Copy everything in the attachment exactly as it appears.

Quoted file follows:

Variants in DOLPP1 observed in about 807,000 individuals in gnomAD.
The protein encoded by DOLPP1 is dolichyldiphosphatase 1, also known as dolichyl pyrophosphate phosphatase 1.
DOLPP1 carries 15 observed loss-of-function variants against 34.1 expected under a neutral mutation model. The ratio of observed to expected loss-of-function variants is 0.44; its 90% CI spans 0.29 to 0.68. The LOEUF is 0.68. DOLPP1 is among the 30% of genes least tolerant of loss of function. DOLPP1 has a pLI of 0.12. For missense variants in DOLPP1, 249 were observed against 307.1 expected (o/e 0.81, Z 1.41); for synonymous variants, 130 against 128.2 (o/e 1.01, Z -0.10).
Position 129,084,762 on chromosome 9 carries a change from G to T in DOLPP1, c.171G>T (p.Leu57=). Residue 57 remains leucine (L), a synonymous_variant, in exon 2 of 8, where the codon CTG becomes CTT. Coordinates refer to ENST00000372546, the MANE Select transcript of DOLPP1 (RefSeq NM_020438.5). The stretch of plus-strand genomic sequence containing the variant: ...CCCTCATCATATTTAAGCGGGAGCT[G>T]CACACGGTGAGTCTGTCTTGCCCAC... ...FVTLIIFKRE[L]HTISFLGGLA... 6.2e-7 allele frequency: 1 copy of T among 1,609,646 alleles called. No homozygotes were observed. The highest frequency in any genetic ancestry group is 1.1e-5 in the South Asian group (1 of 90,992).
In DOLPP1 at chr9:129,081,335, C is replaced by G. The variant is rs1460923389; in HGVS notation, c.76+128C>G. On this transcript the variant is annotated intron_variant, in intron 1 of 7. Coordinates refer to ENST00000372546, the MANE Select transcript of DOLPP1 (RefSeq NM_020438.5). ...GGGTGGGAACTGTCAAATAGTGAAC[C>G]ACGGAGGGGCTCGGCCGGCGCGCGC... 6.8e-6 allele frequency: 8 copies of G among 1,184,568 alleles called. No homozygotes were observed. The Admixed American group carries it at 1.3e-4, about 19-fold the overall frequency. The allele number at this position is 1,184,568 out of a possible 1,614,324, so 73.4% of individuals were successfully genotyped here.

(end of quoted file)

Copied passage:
Variants in DOLPP1 observed in about 807,000 individuals in gnomAD.
The protein encoded by DOLPP1 is dolichyldiphosphatase 1, also known as dolichyl pyrophosphate phosphatase 1.
DOLPP1 carries 15 observed loss-of-function variants against 34.1 expected under a neutral mutation model. The ratio of observed to expected loss-of-function variants is 0.44; its 90% CI spans 0.29 to 0.68. The LOEUF is 0.68. DOLPP1 is among the 30% of genes least tolerant of loss of function. DOLPP1 has a pLI of 0.12. For missense variants in DOLPP1, 249 were observed against 307.1 expected (o/e 0.81, Z 1.41); for synonymous variants, 130 against 128.2 (o/e 1.01, Z -0.10).
Position 129,084,762 on chromosome 9 carries a change from G to T in DOLPP1, c.171G>T (p.Leu57=). Residue 57 remains leucine (L), a synonymous_variant, in exon 2 of 8, where the codon CTG becomes CTT. Coordinates refer to ENST00000372546, the MANE Select transcript of DOLPP1 (RefSeq NM_020438.5). The stretch of plus-strand genomic sequence containing the variant: ...CCCTCATCATATTTAAGCGGGAGCT[G>T]CACACGGTGAGTCTGTCTTGCCCAC... ...FVTLIIFKRE[L]HTISFLGGLA... 6.2e-7 allele frequency: 1 copy of T among 1,609,646 alleles called. No homozygotes were observed. The highest frequency in any genetic ancestry group is 1.1e-5 in the South Asian group (1 of 90,992).
In DOLPP1 at chr9:129,081,335, C is replaced by G. The variant is rs1460923389; in HGVS notation, c.76+128C>G. On this transcript the variant is annotated intron_variant, in intron 1 of 7. Coordinates refer to ENST00000372546, the MANE Select transcript of DOLPP1 (RefSeq NM_020438.5). ...GGGTGGGAACTGTCAAATAGTGAAC[C>G]ACGGAGGGGCTCGGCCGGCGCGCGC... 6.8e-6 allele frequency: 8 copies of G among 1,184,568 alleles called. No homozygotes were observed. The Admixed American group carries it at 1.3e-4, about 19-fold the overall frequency. The allele number at this position is 1,184,568 out of a possible 1,614,324, so 73.4% of individuals were successfully genotyped here.